SPRING MAY HAVE finally sprung but it was just weeks ago that snow and ice brought much of the UK to a standstill. The worst of the weather may be behind us, but that makes it an ideal time for practices to assess how they handled the icy conditions and how they can plan ahead for the next cold snap and other potential crises.
Bad weather, pandemics, power failures and volcanic ash clouds may sound like the stuff of sci-fi movies but all of these threats have happened in the UK in the last three years alone. Just this year we saw temperatures in the UK plummet to minus 18C with the cold affecting organisations up and down the country.
There are several ways in which ‘business as usual’ can be taken out of your business’s hands – the key is to plan ahead and be prepared for all eventualities starting with identifying potential threats.
Some threats, such as a flood, may physically destroy your IT infrastructure. Others, such as pandemics, bad weather or industrial action, affect your people but shouldn’t affect your buildings or equipment. A power outage could render your equipment unusable, but your data and people should remain safe. These are all worst-case scenarios but your plan should cover contingencies for as many threat types as possible.
Areas of responsibility: Identify a key ‘emergency’ team and assign areas of responsibility such as contacting insurers, energy suppliers and so on to ensure the company has a back-up team in case people are out, on leave or already affected by the crisis. Contact customers and other stakeholders as soon as possible to let them know what your situation is and what steps you are taking to keep your business moving.
Escape to the cloud: Cloud-based technology allows applications and data to be kept and hosted offsite in a secure data-centre, which can be accessed through an internet connection. As long as your staff have access to the internet, they will be able to log-in and access email and other business-critical documents and applications as if they were in the oice, keeping disruption to a minimum for your business and your clients.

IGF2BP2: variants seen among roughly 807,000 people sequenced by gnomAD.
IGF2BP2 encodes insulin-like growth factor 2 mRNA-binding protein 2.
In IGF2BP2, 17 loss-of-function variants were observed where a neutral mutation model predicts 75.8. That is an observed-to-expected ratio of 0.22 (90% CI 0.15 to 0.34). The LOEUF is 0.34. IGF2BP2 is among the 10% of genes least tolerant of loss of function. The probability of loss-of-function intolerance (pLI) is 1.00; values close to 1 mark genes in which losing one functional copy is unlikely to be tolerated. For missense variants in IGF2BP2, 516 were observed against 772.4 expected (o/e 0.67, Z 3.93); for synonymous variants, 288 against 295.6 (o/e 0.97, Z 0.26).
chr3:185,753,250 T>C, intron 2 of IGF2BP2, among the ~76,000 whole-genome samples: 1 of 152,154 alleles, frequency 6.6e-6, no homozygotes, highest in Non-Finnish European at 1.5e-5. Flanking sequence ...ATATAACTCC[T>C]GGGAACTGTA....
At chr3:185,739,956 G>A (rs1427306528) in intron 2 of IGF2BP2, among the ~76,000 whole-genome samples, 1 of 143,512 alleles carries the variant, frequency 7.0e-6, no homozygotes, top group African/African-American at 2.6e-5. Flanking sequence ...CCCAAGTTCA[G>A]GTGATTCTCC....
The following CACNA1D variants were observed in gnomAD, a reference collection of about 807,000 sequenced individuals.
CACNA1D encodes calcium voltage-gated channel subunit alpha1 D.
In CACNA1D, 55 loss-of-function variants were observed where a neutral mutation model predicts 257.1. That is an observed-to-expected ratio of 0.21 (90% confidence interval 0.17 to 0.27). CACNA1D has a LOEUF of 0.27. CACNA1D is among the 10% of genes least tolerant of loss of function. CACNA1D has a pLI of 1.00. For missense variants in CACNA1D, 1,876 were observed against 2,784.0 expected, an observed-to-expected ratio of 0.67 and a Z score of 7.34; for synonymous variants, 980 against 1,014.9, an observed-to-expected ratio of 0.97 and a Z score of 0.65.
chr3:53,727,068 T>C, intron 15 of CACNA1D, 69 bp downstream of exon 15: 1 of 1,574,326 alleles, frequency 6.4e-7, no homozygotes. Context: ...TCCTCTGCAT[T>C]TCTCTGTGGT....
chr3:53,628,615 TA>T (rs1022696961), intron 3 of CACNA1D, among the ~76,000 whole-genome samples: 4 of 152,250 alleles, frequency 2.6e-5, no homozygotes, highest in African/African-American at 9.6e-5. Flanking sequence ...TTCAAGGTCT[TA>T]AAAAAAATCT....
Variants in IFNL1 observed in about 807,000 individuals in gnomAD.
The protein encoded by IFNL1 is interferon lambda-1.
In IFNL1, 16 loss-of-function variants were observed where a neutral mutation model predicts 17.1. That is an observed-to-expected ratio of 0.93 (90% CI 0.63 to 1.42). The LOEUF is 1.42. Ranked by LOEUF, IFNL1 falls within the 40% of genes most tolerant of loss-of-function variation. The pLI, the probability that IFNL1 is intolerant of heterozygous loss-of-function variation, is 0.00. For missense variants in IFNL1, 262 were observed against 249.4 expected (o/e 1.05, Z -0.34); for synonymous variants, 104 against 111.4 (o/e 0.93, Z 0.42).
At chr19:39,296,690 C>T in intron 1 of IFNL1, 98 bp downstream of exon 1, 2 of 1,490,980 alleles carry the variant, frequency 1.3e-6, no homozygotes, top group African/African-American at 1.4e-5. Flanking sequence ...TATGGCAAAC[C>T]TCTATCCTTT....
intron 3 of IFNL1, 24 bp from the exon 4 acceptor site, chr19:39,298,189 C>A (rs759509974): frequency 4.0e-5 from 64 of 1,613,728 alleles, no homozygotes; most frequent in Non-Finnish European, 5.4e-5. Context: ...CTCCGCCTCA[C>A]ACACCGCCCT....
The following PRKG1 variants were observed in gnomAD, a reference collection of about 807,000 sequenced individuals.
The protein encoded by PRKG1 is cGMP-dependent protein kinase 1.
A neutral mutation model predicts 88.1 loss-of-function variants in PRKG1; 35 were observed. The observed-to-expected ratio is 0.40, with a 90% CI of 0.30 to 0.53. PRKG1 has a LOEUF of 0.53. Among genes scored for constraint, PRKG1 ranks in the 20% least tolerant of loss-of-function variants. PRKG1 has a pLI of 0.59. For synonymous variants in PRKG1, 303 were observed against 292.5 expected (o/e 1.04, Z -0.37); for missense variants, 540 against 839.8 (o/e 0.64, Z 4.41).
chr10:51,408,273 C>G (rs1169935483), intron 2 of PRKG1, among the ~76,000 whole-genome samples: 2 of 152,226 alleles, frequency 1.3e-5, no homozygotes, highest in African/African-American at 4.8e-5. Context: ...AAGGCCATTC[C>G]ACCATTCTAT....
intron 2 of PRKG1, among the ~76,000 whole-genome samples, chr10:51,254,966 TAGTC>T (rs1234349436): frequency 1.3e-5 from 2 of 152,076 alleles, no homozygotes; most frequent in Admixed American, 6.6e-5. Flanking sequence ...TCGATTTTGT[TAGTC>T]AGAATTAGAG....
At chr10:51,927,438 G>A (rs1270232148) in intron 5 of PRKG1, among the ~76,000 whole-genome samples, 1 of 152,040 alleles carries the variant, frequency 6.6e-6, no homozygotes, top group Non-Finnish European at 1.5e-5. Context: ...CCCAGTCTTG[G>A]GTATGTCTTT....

Back-up important data off-site: Consider having an off-site back-up source for all critical data that is backed up automatically and confidentially to protect against in-house data loss. Too many companies meticulously make back-ups of everything and then store them in the server room. If strong winds or flooding destroys the building, that data is gone too.
Back-up power: Storms, hurricanes, floods, fires and heavy snowfall can cause long term power outages; consider how long your business could survive without power. This will help you determine whether you need a back-up generator or the means to enable staff to work remotely.
Alternative communications strategy: Make sure your plan includes your teams’ home and mobile telephone numbers. If you run your own email servers, do key employees have alternative email addresses they regularly check? Explore every avenue of communication available to keep everyone in the loop.
Essential equipment/services back up: Set out what needs to happen if equipment needs to be repaired or replaced and the potential timescales and costs for this.
Finally, bear in mind that a business continuity plan is not just a piece of paper or a tick in a box. It should be workable and regularly tested to accommodate any changes to your business, technology and personnel. If thoroughly thought out, this kind of planning can ensure that business remains ‘business as usual’ rather than ‘business at risk’.
Phill Robinson is chief executive of Iris Accountancy Solutions
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